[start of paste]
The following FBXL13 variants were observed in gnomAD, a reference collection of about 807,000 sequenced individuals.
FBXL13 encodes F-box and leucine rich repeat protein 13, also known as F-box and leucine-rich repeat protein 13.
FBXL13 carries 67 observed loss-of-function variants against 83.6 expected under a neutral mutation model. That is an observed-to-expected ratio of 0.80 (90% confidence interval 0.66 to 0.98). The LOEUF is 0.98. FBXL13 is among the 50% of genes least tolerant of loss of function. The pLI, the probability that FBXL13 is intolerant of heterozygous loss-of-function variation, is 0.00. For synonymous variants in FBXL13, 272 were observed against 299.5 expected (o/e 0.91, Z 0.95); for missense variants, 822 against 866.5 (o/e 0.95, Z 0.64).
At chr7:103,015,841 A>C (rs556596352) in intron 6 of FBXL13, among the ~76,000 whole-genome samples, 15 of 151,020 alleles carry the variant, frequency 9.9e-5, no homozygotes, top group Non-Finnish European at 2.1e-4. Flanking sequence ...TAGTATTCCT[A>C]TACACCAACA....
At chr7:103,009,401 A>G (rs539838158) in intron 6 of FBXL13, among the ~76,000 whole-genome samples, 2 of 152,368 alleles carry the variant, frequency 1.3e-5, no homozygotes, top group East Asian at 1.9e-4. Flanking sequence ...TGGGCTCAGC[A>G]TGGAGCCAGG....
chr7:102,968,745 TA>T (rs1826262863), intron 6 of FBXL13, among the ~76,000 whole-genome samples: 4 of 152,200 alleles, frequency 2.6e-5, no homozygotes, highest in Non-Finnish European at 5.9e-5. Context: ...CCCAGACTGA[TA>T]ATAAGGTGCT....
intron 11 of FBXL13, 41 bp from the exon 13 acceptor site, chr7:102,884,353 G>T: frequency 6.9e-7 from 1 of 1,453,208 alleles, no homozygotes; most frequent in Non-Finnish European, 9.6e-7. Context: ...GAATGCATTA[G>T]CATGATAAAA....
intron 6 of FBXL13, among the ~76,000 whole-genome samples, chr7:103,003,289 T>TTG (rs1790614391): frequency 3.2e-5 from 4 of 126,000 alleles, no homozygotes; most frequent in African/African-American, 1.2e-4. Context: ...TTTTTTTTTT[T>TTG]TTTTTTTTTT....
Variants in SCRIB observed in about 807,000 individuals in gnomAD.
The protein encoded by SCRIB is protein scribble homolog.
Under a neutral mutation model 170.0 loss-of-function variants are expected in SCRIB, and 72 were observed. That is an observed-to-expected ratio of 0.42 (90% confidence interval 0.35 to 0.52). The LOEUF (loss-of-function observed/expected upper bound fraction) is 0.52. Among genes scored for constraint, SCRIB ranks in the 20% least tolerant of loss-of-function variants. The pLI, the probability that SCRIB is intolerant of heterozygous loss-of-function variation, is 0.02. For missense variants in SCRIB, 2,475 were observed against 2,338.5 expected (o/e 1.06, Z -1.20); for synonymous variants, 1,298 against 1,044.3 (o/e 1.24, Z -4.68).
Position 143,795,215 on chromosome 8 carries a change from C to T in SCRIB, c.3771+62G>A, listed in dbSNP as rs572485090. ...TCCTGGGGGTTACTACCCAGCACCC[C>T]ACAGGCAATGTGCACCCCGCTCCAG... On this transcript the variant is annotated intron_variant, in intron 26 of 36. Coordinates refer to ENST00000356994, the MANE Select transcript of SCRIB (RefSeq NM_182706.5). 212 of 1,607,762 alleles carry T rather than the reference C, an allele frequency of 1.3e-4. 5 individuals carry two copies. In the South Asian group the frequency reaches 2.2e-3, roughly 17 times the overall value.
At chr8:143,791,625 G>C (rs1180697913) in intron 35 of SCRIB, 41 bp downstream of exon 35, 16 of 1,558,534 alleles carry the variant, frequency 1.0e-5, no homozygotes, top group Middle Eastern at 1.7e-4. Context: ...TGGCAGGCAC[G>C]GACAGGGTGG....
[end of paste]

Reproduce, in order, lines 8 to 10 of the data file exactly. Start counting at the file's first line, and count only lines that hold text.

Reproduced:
intron 6 of FBXL13, among the ~76,000 whole-genome samples, chr7:103,003,289 T>TTG (rs1790614391): frequency 3.2e-5 from 4 of 126,000 alleles, no homozygotes; most frequent in African/African-American, 1.2e-4. Context: ...TTTTTTTTTT[T>TTG]TTTTTTTTTT....
Variants in SCRIB observed in about 807,000 individuals in gnomAD.
The protein encoded by SCRIB is protein scribble homolog.